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Weekly Economic and Stock Market Commentary: October 11, 2021


Weekly Economic and Stock Market Commentary: October 11, 2021

As for the stock market specifically:

The major market averages shook off a very bad start to the scary month of October to end the week with slight gains. The markets even sloughed off an employment report that came in well short of projections. In any event, a weekly gain is always welcomed.

Last week showed more than a glimmer of hope for the US markets – NO, THIS IS NOT A PREDICTION. Both the S & P 500 and the Nasdaq Composite formed chart patterns known as “bearish signal reversal.” This is a buy signal after a series of consecutive sell signals.

Here is the S & P 500. It is not the classic bearish signal reversal, but it qualifies. This chart made 3 consecutive sell signals, and each bounce, until last week, didn’t come back as far as the previous bounce.


Let’s look at the Nasdaq Composite. The Nasdaq Composite made 4 sell signals before making a buy signal last week.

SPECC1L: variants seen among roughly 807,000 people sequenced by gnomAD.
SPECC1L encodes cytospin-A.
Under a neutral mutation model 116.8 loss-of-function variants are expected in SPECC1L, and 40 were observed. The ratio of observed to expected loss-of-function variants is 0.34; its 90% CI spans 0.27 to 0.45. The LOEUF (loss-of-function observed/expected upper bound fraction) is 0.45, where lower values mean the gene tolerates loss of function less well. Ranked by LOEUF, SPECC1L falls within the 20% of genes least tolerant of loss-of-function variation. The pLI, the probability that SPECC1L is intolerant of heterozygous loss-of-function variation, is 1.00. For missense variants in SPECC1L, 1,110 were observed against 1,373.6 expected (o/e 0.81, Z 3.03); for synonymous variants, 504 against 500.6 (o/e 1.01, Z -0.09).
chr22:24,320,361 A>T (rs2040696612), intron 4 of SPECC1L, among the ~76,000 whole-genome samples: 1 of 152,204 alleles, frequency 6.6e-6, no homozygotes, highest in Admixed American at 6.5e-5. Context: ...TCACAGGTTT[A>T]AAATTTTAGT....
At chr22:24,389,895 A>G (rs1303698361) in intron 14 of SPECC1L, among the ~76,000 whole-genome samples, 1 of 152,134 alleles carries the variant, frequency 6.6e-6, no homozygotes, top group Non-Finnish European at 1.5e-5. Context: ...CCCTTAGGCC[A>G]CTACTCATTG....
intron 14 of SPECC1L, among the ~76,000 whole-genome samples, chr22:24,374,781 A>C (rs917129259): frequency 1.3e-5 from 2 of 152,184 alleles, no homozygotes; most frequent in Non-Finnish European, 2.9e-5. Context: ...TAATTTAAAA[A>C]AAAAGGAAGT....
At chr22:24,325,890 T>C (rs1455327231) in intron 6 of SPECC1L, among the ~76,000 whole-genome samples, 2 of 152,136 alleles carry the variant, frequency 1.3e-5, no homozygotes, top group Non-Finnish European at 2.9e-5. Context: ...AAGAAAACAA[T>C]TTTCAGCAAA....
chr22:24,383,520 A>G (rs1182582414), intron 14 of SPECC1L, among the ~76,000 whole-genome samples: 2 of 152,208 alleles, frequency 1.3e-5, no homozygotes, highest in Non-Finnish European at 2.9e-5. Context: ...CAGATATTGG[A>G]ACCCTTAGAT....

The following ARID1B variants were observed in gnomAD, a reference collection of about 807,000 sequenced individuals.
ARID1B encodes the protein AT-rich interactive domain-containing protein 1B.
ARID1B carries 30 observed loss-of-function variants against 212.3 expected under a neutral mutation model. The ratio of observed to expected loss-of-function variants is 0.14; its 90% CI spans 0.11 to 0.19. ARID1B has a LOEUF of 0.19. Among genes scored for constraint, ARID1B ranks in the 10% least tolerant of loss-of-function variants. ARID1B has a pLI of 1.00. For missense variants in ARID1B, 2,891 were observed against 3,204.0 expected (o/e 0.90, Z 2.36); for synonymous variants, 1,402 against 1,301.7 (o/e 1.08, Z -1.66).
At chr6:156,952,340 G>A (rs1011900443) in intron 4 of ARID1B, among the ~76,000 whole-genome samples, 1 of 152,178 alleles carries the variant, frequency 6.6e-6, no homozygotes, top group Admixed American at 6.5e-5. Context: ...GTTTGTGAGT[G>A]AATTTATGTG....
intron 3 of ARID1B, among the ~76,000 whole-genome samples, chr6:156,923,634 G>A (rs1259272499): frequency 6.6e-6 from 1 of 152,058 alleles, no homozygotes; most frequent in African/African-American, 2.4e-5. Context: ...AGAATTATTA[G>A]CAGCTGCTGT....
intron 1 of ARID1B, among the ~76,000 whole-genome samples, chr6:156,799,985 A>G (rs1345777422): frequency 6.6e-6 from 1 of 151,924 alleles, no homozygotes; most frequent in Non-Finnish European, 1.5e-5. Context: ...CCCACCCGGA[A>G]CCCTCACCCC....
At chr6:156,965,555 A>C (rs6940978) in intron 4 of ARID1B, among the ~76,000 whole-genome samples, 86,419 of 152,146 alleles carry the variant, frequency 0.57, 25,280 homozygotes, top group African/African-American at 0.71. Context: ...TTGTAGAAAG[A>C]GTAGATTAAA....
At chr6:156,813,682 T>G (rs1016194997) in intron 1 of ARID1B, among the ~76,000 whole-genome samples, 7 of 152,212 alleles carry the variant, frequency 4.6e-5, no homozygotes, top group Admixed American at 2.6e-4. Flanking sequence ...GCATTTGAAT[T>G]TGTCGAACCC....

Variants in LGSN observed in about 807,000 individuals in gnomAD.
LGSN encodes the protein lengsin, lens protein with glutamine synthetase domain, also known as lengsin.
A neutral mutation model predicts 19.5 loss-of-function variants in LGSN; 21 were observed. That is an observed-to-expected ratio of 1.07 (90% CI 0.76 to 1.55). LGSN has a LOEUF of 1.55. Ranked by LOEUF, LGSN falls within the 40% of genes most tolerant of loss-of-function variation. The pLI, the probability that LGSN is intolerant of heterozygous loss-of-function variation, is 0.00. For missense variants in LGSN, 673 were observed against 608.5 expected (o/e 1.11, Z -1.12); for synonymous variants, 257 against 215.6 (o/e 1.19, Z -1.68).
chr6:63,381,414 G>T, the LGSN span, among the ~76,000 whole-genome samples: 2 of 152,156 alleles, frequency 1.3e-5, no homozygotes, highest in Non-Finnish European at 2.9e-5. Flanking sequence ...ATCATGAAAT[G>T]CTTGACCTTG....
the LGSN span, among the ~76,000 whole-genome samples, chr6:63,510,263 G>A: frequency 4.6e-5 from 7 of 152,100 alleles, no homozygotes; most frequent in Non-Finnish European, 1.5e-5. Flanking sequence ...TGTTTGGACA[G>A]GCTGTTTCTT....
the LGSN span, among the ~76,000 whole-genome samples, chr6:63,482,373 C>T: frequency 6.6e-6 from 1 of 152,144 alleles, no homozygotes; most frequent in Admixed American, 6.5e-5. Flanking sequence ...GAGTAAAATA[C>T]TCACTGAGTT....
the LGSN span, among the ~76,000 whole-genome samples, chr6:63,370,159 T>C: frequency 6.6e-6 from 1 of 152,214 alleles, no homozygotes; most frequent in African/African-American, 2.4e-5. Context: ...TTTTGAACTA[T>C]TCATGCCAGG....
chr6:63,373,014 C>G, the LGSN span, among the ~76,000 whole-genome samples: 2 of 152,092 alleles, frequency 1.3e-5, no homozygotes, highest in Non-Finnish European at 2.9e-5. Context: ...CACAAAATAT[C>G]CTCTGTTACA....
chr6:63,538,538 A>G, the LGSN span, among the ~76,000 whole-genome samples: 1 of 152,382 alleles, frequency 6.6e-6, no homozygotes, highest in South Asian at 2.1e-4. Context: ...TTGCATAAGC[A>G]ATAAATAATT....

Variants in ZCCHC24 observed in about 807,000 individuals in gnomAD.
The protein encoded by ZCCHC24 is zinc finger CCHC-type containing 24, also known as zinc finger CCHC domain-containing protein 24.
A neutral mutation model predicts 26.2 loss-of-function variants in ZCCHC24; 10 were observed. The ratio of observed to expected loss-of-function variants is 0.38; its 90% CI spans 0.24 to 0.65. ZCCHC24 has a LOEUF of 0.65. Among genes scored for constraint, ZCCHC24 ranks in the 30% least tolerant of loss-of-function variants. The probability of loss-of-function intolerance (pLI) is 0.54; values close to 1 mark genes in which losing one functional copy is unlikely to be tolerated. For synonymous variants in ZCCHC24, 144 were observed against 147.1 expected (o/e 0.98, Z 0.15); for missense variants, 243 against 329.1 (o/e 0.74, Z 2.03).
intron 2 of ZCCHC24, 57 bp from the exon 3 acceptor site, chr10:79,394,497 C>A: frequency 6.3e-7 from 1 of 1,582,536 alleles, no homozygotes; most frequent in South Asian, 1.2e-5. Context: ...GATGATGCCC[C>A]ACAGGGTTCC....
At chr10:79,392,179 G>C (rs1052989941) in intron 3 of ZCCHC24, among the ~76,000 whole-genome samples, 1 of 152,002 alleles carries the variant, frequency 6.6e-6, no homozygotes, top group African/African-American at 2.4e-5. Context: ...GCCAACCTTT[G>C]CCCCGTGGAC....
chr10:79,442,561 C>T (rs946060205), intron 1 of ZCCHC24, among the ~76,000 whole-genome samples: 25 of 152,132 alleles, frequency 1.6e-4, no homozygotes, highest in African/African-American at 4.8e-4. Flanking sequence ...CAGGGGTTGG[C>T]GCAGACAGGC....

Each index fell Friday and may fall some more before I post on Tuesday. I am not smart enough to tell you what will happen, but I can tell you what did happen, and how it can affect risk.

It was a split decision for the bullish percent indicators last week. The NYSE and Optionable indicators each had strong a strong week, but the OTC indicator lost some ground. I recommend WEALTH PRESERVATION at this time.

Remember, Xs mean OFFENSE or wealth accumulation, while Os mean DEFENSE, or wealth preservation.

Below is where our indicators stand as of October 8, 2021 (Courtesy Dorsey, Wright, and Associates).

On a general note:

The Department of Labor announced the US economy added 194,000 jobs in September. This was well below the consensus estimate of 530,000 new jobs. The unemployment rate dropped to 4.8%. Another bad note was that the labor participation rate fell to 62.1%.  These numbers come at a time when the Labor Department also tells us that employers have a record-high number of job openings. What I did find surprising is that more people left the labor force despite the end of extra unemployment benefits. It will be interesting to see what happens when the October numbers come out. The August number was revised downward to 306,000. The report noted wage gains for employees, but the gains did not keep up with inflation. In English, it was not a good month for employment statistics.

The Commerce Department released balance of trade numbers for August. The report informed the trade deficit came in at $73.9 billion dollars. That was another record deficit. Exported goods hit a 213.7 billion dollars. Imports rose 1.4  percent to $287.4.

Please call me if you have any question on this Weekly Economic and Stock Market Commentary.